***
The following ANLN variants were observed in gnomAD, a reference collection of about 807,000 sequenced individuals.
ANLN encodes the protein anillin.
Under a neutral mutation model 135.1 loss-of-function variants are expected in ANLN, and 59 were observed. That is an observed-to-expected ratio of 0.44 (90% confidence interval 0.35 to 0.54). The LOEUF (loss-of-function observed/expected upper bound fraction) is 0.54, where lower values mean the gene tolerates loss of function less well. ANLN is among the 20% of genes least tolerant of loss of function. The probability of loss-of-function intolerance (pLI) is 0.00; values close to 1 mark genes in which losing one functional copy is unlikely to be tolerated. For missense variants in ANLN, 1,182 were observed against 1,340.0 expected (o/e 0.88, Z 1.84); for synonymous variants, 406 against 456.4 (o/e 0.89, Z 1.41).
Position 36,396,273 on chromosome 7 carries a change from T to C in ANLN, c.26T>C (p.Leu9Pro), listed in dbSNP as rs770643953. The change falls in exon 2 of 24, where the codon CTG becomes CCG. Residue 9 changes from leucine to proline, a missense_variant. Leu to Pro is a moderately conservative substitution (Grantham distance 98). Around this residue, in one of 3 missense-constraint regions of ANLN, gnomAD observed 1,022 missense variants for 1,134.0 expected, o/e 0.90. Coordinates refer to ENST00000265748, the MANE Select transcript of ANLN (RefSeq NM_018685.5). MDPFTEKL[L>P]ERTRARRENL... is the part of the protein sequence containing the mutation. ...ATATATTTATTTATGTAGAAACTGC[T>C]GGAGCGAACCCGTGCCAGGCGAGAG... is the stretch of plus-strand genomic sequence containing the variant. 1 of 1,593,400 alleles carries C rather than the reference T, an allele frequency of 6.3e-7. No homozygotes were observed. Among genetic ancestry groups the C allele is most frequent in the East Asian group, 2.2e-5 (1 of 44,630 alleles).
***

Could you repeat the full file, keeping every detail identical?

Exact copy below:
The following ANLN variants were observed in gnomAD, a reference collection of about 807,000 sequenced individuals.
ANLN encodes the protein anillin.
Under a neutral mutation model 135.1 loss-of-function variants are expected in ANLN, and 59 were observed. That is an observed-to-expected ratio of 0.44 (90% confidence interval 0.35 to 0.54). The LOEUF (loss-of-function observed/expected upper bound fraction) is 0.54, where lower values mean the gene tolerates loss of function less well. ANLN is among the 20% of genes least tolerant of loss of function. The probability of loss-of-function intolerance (pLI) is 0.00; values close to 1 mark genes in which losing one functional copy is unlikely to be tolerated. For missense variants in ANLN, 1,182 were observed against 1,340.0 expected (o/e 0.88, Z 1.84); for synonymous variants, 406 against 456.4 (o/e 0.89, Z 1.41).
Position 36,396,273 on chromosome 7 carries a change from T to C in ANLN, c.26T>C (p.Leu9Pro), listed in dbSNP as rs770643953. The change falls in exon 2 of 24, where the codon CTG becomes CCG. Residue 9 changes from leucine to proline, a missense_variant. Leu to Pro is a moderately conservative substitution (Grantham distance 98). Around this residue, in one of 3 missense-constraint regions of ANLN, gnomAD observed 1,022 missense variants for 1,134.0 expected, o/e 0.90. Coordinates refer to ENST00000265748, the MANE Select transcript of ANLN (RefSeq NM_018685.5). MDPFTEKL[L>P]ERTRARRENL... is the part of the protein sequence containing the mutation. ...ATATATTTATTTATGTAGAAACTGC[T>C]GGAGCGAACCCGTGCCAGGCGAGAG... is the stretch of plus-strand genomic sequence containing the variant. 1 of 1,593,400 alleles carries C rather than the reference T, an allele frequency of 6.3e-7. No homozygotes were observed. Among genetic ancestry groups the C allele is most frequent in the East Asian group, 2.2e-5 (1 of 44,630 alleles).